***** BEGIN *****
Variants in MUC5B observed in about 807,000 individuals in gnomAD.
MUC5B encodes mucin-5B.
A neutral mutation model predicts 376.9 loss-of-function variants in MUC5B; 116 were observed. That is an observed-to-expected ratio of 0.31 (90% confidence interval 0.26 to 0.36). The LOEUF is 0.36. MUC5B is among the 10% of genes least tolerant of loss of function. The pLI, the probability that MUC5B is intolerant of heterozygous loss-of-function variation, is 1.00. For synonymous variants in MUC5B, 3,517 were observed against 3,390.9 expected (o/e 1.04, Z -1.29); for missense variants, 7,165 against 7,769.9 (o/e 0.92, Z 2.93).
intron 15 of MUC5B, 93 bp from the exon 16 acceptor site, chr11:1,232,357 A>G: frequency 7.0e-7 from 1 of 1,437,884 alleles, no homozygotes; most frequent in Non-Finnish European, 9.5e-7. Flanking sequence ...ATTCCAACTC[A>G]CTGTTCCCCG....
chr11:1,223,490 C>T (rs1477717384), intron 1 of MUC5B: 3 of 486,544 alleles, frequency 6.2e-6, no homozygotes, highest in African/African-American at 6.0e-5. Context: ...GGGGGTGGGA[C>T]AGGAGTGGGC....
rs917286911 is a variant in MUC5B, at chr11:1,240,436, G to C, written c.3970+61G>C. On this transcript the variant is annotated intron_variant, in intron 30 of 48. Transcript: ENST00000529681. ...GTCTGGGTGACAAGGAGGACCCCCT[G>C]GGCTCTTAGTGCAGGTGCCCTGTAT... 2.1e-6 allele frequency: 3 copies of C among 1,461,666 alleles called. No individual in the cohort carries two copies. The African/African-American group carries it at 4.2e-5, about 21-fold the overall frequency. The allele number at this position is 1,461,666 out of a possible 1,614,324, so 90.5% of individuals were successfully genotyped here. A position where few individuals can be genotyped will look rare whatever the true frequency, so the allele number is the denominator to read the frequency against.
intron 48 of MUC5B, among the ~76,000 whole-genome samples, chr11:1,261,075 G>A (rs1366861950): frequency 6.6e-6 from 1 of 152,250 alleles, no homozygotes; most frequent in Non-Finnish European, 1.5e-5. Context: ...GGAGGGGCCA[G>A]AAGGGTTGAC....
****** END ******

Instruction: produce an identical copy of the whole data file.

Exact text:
Variants in MUC5B observed in about 807,000 individuals in gnomAD.
MUC5B encodes mucin-5B.
A neutral mutation model predicts 376.9 loss-of-function variants in MUC5B; 116 were observed. That is an observed-to-expected ratio of 0.31 (90% confidence interval 0.26 to 0.36). The LOEUF is 0.36. MUC5B is among the 10% of genes least tolerant of loss of function. The pLI, the probability that MUC5B is intolerant of heterozygous loss-of-function variation, is 1.00. For synonymous variants in MUC5B, 3,517 were observed against 3,390.9 expected (o/e 1.04, Z -1.29); for missense variants, 7,165 against 7,769.9 (o/e 0.92, Z 2.93).
intron 15 of MUC5B, 93 bp from the exon 16 acceptor site, chr11:1,232,357 A>G: frequency 7.0e-7 from 1 of 1,437,884 alleles, no homozygotes; most frequent in Non-Finnish European, 9.5e-7. Flanking sequence ...ATTCCAACTC[A>G]CTGTTCCCCG....
chr11:1,223,490 C>T (rs1477717384), intron 1 of MUC5B: 3 of 486,544 alleles, frequency 6.2e-6, no homozygotes, highest in African/African-American at 6.0e-5. Context: ...GGGGGTGGGA[C>T]AGGAGTGGGC....
rs917286911 is a variant in MUC5B, at chr11:1,240,436, G to C, written c.3970+61G>C. On this transcript the variant is annotated intron_variant, in intron 30 of 48. Transcript: ENST00000529681. ...GTCTGGGTGACAAGGAGGACCCCCT[G>C]GGCTCTTAGTGCAGGTGCCCTGTAT... 2.1e-6 allele frequency: 3 copies of C among 1,461,666 alleles called. No individual in the cohort carries two copies. The African/African-American group carries it at 4.2e-5, about 21-fold the overall frequency. The allele number at this position is 1,461,666 out of a possible 1,614,324, so 90.5% of individuals were successfully genotyped here. A position where few individuals can be genotyped will look rare whatever the true frequency, so the allele number is the denominator to read the frequency against.
intron 48 of MUC5B, among the ~76,000 whole-genome samples, chr11:1,261,075 G>A (rs1366861950): frequency 6.6e-6 from 1 of 152,250 alleles, no homozygotes; most frequent in Non-Finnish European, 1.5e-5. Context: ...GGAGGGGCCA[G>A]AAGGGTTGAC....